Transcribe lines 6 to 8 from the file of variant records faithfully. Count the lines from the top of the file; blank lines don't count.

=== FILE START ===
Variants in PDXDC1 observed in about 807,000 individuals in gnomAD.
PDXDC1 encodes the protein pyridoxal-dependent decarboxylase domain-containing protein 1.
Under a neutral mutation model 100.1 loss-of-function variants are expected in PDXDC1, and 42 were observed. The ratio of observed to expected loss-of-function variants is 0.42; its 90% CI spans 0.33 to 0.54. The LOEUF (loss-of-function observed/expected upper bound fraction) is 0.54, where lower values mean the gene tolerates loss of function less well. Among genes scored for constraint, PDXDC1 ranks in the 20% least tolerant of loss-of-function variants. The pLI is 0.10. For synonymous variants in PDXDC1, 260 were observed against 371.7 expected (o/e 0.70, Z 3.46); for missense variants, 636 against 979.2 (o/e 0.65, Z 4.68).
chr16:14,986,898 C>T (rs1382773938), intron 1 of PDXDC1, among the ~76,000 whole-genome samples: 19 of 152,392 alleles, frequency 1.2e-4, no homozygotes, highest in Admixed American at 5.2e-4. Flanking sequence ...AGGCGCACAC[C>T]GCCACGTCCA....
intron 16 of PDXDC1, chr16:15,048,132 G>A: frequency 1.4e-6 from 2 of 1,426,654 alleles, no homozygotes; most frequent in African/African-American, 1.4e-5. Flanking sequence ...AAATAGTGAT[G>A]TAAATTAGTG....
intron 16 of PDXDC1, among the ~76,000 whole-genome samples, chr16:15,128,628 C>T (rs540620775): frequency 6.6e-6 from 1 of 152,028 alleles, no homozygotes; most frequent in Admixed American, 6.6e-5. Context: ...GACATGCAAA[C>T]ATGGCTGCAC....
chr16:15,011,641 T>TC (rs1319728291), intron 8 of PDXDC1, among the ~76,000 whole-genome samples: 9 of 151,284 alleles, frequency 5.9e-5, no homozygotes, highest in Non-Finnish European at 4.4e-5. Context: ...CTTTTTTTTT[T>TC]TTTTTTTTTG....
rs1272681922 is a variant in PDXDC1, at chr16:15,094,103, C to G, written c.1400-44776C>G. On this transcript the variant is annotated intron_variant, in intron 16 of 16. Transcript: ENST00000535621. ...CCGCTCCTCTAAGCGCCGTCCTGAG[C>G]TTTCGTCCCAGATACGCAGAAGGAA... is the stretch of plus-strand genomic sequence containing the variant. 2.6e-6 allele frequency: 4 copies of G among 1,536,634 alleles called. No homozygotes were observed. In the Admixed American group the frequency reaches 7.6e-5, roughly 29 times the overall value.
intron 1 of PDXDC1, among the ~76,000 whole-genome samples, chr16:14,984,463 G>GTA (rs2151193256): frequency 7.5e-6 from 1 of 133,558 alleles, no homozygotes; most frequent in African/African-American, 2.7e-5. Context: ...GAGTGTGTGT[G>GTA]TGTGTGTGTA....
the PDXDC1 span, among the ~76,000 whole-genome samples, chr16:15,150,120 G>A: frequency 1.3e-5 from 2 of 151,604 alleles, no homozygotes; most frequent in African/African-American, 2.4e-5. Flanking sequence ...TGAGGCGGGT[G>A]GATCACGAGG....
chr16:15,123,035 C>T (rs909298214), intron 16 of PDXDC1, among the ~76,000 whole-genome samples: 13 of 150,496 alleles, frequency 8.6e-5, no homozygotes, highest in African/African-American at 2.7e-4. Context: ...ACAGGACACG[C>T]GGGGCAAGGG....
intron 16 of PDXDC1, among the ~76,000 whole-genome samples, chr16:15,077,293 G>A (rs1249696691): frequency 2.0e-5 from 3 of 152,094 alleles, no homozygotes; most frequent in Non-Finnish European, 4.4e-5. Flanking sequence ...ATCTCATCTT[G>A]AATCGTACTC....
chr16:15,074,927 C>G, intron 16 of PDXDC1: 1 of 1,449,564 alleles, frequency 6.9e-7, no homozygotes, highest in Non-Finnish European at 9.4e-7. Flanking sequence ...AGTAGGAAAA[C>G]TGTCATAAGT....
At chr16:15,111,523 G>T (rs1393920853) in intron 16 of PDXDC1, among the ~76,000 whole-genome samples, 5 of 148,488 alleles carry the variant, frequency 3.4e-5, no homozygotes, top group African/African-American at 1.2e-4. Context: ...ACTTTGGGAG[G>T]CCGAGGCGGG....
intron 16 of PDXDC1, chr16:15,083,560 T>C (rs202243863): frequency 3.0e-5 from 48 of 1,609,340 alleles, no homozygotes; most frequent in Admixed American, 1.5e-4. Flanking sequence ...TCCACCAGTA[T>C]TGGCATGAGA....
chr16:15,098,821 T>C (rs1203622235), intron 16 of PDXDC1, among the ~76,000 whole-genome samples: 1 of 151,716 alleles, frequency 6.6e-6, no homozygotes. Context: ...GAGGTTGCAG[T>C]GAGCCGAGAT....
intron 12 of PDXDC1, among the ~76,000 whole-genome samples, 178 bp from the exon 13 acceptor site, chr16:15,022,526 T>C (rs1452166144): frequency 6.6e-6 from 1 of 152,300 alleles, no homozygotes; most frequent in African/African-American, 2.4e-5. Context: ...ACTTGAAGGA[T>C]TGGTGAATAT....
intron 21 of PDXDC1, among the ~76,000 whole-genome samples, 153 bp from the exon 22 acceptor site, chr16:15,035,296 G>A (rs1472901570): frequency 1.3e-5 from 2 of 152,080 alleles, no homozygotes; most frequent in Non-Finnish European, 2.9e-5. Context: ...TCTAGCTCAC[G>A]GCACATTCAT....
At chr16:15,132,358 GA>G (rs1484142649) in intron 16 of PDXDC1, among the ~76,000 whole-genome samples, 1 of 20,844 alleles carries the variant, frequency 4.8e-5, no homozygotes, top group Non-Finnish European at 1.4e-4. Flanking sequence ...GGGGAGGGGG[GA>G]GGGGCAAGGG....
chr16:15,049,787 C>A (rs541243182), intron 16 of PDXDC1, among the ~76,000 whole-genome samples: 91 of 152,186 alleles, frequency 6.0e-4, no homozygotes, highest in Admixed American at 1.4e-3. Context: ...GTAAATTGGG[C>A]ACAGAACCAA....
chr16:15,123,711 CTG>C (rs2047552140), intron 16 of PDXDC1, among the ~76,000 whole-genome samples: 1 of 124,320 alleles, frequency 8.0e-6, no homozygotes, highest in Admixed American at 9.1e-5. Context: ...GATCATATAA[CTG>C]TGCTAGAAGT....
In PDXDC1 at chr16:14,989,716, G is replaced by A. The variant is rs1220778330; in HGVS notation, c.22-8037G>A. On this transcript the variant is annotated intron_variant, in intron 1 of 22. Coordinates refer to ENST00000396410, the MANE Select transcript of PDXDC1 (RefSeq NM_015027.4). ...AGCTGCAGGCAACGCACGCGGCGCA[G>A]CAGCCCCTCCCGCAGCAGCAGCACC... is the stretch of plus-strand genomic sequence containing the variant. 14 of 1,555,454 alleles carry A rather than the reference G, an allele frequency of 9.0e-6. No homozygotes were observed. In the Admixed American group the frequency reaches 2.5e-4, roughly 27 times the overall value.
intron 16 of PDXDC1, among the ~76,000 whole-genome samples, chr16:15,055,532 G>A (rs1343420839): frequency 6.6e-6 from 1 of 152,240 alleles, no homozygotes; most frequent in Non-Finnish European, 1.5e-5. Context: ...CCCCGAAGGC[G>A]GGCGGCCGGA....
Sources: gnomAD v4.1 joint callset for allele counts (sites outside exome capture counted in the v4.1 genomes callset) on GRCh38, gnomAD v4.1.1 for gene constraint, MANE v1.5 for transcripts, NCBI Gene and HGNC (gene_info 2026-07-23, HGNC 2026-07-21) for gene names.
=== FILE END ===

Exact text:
intron 16 of PDXDC1, among the ~76,000 whole-genome samples, chr16:15,128,628 C>T (rs540620775): frequency 6.6e-6 from 1 of 152,028 alleles, no homozygotes; most frequent in Admixed American, 6.6e-5. Context: ...GACATGCAAA[C>T]ATGGCTGCAC....
chr16:15,011,641 T>TC (rs1319728291), intron 8 of PDXDC1, among the ~76,000 whole-genome samples: 9 of 151,284 alleles, frequency 5.9e-5, no homozygotes, highest in Non-Finnish European at 4.4e-5. Context: ...CTTTTTTTTT[T>TC]TTTTTTTTTG....
rs1272681922 is a variant in PDXDC1, at chr16:15,094,103, C to G, written c.1400-44776C>G. On this transcript the variant is annotated intron_variant, in intron 16 of 16. Transcript: ENST00000535621. ...CCGCTCCTCTAAGCGCCGTCCTGAG[C>G]TTTCGTCCCAGATACGCAGAAGGAA... is the stretch of plus-strand genomic sequence containing the variant. 2.6e-6 allele frequency: 4 copies of G among 1,536,634 alleles called. No homozygotes were observed. In the Admixed American group the frequency reaches 7.6e-5, roughly 29 times the overall value.